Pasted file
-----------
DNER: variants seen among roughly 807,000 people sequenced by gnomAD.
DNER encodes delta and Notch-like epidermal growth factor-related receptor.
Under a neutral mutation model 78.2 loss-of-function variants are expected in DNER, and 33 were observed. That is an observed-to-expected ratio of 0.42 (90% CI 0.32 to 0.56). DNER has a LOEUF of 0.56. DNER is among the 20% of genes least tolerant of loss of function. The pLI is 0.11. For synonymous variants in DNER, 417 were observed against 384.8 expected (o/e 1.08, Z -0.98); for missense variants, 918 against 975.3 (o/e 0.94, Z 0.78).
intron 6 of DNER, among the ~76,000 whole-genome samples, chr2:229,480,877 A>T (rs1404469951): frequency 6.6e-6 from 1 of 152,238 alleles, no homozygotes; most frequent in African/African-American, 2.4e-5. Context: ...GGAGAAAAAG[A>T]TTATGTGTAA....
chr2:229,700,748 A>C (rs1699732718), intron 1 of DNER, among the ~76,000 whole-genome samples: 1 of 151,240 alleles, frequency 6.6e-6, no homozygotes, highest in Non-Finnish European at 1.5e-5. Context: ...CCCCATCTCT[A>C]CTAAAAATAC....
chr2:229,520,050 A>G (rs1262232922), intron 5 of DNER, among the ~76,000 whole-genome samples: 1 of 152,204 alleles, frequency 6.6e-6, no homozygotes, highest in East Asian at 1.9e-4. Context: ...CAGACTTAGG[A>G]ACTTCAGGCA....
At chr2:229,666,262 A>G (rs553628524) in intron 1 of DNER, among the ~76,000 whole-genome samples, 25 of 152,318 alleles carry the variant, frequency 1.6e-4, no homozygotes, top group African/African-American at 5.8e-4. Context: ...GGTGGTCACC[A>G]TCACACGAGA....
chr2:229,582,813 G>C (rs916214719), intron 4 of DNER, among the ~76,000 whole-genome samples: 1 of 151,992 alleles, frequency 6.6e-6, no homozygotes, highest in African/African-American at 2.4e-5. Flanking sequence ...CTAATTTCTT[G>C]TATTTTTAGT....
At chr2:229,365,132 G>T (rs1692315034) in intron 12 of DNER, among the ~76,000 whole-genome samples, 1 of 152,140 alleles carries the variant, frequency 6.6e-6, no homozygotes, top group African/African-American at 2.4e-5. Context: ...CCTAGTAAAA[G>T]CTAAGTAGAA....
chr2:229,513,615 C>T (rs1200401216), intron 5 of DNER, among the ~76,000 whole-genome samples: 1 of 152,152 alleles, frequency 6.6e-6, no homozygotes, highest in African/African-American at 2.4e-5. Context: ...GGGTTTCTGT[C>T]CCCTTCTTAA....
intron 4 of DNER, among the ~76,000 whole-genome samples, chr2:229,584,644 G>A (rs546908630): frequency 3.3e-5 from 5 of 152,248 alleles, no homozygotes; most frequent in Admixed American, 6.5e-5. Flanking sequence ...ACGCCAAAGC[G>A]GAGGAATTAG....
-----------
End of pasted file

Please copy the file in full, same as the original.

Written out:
DNER: variants seen among roughly 807,000 people sequenced by gnomAD.
DNER encodes delta and Notch-like epidermal growth factor-related receptor.
Under a neutral mutation model 78.2 loss-of-function variants are expected in DNER, and 33 were observed. That is an observed-to-expected ratio of 0.42 (90% CI 0.32 to 0.56). DNER has a LOEUF of 0.56. DNER is among the 20% of genes least tolerant of loss of function. The pLI is 0.11. For synonymous variants in DNER, 417 were observed against 384.8 expected (o/e 1.08, Z -0.98); for missense variants, 918 against 975.3 (o/e 0.94, Z 0.78).
intron 6 of DNER, among the ~76,000 whole-genome samples, chr2:229,480,877 A>T (rs1404469951): frequency 6.6e-6 from 1 of 152,238 alleles, no homozygotes; most frequent in African/African-American, 2.4e-5. Context: ...GGAGAAAAAG[A>T]TTATGTGTAA....
chr2:229,700,748 A>C (rs1699732718), intron 1 of DNER, among the ~76,000 whole-genome samples: 1 of 151,240 alleles, frequency 6.6e-6, no homozygotes, highest in Non-Finnish European at 1.5e-5. Context: ...CCCCATCTCT[A>C]CTAAAAATAC....
chr2:229,520,050 A>G (rs1262232922), intron 5 of DNER, among the ~76,000 whole-genome samples: 1 of 152,204 alleles, frequency 6.6e-6, no homozygotes, highest in East Asian at 1.9e-4. Context: ...CAGACTTAGG[A>G]ACTTCAGGCA....
At chr2:229,666,262 A>G (rs553628524) in intron 1 of DNER, among the ~76,000 whole-genome samples, 25 of 152,318 alleles carry the variant, frequency 1.6e-4, no homozygotes, top group African/African-American at 5.8e-4. Context: ...GGTGGTCACC[A>G]TCACACGAGA....
chr2:229,582,813 G>C (rs916214719), intron 4 of DNER, among the ~76,000 whole-genome samples: 1 of 151,992 alleles, frequency 6.6e-6, no homozygotes, highest in African/African-American at 2.4e-5. Flanking sequence ...CTAATTTCTT[G>C]TATTTTTAGT....
At chr2:229,365,132 G>T (rs1692315034) in intron 12 of DNER, among the ~76,000 whole-genome samples, 1 of 152,140 alleles carries the variant, frequency 6.6e-6, no homozygotes, top group African/African-American at 2.4e-5. Context: ...CCTAGTAAAA[G>T]CTAAGTAGAA....
chr2:229,513,615 C>T (rs1200401216), intron 5 of DNER, among the ~76,000 whole-genome samples: 1 of 152,152 alleles, frequency 6.6e-6, no homozygotes, highest in African/African-American at 2.4e-5. Context: ...GGGTTTCTGT[C>T]CCCTTCTTAA....
intron 4 of DNER, among the ~76,000 whole-genome samples, chr2:229,584,644 G>A (rs546908630): frequency 3.3e-5 from 5 of 152,248 alleles, no homozygotes; most frequent in Admixed American, 6.5e-5. Flanking sequence ...ACGCCAAAGC[G>A]GAGGAATTAG....